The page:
Family law judges tend to award both parents joint legal and physical custody whenever possible. They often do this because they’ve read how children fare best when they spend equal amounts of time with each parent. Splitting custody 50-50 isn’t always what’s in the best interest of the child though. It’s in cases like these that judges tend to award primary physical or legal custody to one of them. That mom or dad then comes to be referred to as the custodial parent.
The terminology “custodial parent” simply refers to the mom or dad that the child spends the majority of their time, or lives, with. It’s that parent who generally enjoys primary physical or legal custody over their child. Many rights and responsibilities come with this role.
You can set your child’s visitation schedule once you’re appointed to this role. It’s best if you don’t play hardball with your son or daughter’s other parent. You should instead try to find a happy medium that both of you can work with when it comes to scheduling. If you, as the custodial parent, need to adjust your visitation schedule then you must advise your child’s other one right away so that you don’t unnecessarily inconvenience them.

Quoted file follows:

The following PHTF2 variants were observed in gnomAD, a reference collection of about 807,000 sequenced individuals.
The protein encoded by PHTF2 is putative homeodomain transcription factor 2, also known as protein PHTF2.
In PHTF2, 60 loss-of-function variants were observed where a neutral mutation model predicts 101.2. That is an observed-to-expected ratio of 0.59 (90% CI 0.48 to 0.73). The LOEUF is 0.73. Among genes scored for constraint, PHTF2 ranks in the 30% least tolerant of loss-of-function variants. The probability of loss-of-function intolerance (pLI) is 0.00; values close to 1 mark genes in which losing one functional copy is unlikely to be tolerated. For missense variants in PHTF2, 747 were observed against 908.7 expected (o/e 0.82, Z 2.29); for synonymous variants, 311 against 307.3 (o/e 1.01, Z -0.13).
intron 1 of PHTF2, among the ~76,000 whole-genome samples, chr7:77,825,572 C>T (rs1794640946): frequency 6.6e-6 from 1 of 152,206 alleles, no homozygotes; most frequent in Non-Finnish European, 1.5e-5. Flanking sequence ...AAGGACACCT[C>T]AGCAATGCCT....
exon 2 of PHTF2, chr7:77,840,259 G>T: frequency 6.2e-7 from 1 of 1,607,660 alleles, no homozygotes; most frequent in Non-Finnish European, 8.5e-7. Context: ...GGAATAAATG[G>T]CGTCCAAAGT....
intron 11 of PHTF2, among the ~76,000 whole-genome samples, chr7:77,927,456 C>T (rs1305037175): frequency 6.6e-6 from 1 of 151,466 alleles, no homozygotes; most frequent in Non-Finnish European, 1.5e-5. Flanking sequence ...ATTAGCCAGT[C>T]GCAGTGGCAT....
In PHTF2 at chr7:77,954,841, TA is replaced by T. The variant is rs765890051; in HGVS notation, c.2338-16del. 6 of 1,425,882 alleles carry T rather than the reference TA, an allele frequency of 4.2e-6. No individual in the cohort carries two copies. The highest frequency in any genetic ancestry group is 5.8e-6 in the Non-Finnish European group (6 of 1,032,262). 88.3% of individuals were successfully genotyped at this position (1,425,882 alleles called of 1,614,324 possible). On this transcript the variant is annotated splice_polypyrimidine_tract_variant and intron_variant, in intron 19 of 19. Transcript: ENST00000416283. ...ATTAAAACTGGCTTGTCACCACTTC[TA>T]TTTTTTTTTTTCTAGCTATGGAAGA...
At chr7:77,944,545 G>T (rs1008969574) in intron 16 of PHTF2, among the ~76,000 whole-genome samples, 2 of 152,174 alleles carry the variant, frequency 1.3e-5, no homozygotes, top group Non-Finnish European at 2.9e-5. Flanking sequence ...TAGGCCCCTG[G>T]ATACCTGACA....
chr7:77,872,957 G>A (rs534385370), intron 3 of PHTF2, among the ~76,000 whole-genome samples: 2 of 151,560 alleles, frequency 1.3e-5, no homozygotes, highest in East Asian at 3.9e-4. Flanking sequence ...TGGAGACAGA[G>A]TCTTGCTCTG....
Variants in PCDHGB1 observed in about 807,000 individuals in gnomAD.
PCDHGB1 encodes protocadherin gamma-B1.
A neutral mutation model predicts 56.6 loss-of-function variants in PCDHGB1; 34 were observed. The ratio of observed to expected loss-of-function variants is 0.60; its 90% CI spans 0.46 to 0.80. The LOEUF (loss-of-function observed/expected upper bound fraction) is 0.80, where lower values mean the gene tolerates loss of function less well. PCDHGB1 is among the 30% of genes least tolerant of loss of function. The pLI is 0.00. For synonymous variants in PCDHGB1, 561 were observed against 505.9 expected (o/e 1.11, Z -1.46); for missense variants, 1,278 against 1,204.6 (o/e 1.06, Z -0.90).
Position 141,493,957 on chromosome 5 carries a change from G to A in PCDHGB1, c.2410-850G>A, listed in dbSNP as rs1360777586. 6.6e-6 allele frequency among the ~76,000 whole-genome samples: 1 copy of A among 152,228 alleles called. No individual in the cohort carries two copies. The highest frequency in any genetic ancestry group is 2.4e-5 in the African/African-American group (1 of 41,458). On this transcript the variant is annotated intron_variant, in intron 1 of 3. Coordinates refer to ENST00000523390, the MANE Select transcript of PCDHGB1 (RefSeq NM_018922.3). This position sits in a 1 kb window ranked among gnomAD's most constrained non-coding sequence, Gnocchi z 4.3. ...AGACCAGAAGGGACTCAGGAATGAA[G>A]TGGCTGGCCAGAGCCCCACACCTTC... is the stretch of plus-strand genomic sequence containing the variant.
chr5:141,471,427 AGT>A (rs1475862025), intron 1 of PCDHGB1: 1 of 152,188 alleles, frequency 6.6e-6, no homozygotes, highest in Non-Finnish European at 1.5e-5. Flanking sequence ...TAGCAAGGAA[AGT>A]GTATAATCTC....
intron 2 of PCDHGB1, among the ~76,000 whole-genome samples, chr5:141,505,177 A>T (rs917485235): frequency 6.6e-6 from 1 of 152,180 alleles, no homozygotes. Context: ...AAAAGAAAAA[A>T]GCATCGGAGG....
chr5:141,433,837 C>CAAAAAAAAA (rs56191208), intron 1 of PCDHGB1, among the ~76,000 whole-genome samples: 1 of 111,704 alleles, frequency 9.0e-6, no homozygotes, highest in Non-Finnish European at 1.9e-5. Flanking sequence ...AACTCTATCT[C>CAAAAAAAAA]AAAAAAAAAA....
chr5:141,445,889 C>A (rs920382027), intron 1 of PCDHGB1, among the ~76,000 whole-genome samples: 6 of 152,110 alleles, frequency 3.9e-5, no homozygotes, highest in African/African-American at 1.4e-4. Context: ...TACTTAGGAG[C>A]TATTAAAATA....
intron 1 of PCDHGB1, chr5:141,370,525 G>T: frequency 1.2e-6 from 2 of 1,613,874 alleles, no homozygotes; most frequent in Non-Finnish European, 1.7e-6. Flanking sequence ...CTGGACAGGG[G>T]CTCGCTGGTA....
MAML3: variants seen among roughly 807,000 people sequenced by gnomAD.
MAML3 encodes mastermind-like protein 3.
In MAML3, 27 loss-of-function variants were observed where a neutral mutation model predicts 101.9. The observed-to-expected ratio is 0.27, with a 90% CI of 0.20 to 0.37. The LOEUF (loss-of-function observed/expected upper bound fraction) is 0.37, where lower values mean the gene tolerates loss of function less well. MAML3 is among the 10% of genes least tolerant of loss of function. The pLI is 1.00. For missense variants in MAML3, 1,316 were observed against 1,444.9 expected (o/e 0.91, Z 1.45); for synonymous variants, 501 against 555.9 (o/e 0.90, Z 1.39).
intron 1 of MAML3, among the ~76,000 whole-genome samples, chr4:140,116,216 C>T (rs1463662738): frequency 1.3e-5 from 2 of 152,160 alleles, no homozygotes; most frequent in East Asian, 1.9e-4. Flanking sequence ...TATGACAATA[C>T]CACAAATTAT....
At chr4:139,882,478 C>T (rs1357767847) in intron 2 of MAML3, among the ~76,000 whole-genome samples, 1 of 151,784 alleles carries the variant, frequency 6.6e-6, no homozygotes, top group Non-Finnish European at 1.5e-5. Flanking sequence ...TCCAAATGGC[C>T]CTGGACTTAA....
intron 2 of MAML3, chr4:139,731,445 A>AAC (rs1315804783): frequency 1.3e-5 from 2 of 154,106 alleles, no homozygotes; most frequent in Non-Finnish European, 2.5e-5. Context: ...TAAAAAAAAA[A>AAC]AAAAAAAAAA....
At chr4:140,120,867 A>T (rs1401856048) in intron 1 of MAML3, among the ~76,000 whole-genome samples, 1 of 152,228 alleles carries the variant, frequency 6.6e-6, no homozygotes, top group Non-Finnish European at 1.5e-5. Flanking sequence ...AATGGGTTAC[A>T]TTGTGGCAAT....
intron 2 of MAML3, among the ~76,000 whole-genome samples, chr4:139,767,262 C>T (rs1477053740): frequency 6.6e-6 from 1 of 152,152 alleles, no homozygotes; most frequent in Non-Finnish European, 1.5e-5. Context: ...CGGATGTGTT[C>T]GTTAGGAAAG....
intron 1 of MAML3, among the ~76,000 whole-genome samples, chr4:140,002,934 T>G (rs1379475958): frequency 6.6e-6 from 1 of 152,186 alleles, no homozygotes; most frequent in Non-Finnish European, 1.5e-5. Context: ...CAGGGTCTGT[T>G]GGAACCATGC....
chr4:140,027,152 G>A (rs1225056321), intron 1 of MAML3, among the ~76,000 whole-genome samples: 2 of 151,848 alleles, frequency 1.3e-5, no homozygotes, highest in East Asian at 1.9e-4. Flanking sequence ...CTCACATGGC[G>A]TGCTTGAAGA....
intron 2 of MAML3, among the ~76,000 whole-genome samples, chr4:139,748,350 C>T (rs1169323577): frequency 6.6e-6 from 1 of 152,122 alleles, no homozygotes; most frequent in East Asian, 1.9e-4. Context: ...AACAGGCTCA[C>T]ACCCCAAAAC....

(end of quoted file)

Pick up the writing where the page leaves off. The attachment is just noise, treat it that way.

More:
Although you may have the full legal authority to make certain medical, schooling and child-rearing decisions on your child’s behalf as the custodial parent, you shouldn’t necessarily do this. You should instead keep your ex involved in the decision-making process. This includes letting them know if you plan to move out of the area before you put any plans in motion.
You should also be mindful of your ex when making any purchase decisions. This is especially important if you’re considering paying for private schooling, certain medical procedures or enrolling them in extracurricular activities. You should consult with your child’s noncustodial parent before making any costly financial commitments that they have to chip in and pay for.
Reaching an agreement about custody with your ex isn’t supposed to be a bloody battle or war. Many parents allow for their emotions to get the best of them instead of focusing on what’s best for their kids. An attorney here in Fort Myers can help you come up with a viable visitation schedule that will work for both you and your ex in your Florida case.